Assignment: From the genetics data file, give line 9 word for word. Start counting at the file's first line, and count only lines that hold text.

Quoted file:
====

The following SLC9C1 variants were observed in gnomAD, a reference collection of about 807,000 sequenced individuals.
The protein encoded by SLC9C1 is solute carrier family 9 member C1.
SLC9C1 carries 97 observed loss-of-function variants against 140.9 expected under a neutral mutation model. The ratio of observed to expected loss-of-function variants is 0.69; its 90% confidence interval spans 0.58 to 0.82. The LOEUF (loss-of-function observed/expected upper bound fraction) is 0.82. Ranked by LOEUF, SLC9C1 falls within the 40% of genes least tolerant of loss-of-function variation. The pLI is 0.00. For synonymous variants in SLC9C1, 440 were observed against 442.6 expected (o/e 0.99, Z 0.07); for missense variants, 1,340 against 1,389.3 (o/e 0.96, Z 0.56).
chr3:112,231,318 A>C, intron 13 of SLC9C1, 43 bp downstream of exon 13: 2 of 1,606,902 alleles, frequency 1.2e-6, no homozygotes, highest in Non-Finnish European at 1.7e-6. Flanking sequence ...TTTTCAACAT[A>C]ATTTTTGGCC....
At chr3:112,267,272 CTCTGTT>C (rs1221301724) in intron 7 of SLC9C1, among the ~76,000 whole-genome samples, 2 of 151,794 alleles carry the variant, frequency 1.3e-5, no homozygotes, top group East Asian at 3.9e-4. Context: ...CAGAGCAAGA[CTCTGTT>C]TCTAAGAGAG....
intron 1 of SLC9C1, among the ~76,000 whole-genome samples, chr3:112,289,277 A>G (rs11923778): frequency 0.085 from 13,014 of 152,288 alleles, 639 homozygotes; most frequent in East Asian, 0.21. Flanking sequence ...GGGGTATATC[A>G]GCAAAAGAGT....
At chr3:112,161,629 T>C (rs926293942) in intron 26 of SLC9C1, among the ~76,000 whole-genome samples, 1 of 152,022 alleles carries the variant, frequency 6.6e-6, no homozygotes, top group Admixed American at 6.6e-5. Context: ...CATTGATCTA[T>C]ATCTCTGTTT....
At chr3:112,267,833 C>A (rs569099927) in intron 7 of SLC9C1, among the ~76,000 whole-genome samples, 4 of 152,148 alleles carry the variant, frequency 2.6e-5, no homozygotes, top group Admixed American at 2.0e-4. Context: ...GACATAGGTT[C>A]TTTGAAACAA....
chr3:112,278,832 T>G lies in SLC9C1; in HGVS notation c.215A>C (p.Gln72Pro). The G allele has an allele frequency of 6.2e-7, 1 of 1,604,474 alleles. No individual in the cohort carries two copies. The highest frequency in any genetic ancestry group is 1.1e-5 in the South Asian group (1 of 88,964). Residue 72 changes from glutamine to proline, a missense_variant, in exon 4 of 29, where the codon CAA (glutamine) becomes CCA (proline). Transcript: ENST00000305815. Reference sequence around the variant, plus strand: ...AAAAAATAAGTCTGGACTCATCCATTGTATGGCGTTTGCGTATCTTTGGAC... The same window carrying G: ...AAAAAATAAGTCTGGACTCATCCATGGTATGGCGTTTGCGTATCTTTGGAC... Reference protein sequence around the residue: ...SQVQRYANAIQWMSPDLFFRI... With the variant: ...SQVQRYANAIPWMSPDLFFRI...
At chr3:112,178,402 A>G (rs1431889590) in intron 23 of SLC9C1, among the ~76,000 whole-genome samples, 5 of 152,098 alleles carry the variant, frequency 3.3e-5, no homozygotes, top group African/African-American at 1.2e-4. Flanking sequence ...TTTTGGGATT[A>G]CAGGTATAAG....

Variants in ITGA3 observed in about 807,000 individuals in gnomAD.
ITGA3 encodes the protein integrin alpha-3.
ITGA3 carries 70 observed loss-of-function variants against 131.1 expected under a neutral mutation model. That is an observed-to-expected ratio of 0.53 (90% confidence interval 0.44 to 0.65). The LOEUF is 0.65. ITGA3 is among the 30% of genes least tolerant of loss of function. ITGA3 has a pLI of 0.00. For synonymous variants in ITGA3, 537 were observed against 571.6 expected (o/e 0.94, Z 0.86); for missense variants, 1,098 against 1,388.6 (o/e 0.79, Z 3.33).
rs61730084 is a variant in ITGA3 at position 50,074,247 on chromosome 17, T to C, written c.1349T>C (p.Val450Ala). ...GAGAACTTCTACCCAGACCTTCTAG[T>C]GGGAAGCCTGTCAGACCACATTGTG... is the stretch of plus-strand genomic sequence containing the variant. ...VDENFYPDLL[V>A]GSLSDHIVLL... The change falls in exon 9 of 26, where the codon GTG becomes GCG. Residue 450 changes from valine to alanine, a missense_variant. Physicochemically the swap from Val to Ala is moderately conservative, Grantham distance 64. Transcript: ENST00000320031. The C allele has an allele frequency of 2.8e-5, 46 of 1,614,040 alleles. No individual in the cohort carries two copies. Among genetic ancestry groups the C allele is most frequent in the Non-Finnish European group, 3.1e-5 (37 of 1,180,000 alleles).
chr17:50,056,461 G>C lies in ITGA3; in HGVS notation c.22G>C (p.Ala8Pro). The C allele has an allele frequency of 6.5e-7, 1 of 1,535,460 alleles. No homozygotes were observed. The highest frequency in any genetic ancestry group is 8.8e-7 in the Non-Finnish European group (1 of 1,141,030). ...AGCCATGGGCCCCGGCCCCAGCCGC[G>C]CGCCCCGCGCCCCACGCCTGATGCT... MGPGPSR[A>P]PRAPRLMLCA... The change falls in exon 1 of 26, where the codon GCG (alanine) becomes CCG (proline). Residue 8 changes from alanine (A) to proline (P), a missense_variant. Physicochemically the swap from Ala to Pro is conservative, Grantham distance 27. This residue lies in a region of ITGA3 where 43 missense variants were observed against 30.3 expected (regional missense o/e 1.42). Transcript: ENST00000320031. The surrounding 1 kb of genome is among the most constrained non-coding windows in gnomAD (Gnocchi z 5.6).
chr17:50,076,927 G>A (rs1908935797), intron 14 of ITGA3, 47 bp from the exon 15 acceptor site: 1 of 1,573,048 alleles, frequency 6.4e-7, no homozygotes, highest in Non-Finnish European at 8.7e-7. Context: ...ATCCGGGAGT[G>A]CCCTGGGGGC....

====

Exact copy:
chr3:112,278,832 T>G lies in SLC9C1; in HGVS notation c.215A>C (p.Gln72Pro). The G allele has an allele frequency of 6.2e-7, 1 of 1,604,474 alleles. No individual in the cohort carries two copies. The highest frequency in any genetic ancestry group is 1.1e-5 in the South Asian group (1 of 88,964). Residue 72 changes from glutamine to proline, a missense_variant, in exon 4 of 29, where the codon CAA (glutamine) becomes CCA (proline). Transcript: ENST00000305815. Reference sequence around the variant, plus strand: ...AAAAAATAAGTCTGGACTCATCCATTGTATGGCGTTTGCGTATCTTTGGAC... The same window carrying G: ...AAAAAATAAGTCTGGACTCATCCATGGTATGGCGTTTGCGTATCTTTGGAC... Reference protein sequence around the residue: ...SQVQRYANAIQWMSPDLFFRI... With the variant: ...SQVQRYANAIPWMSPDLFFRI...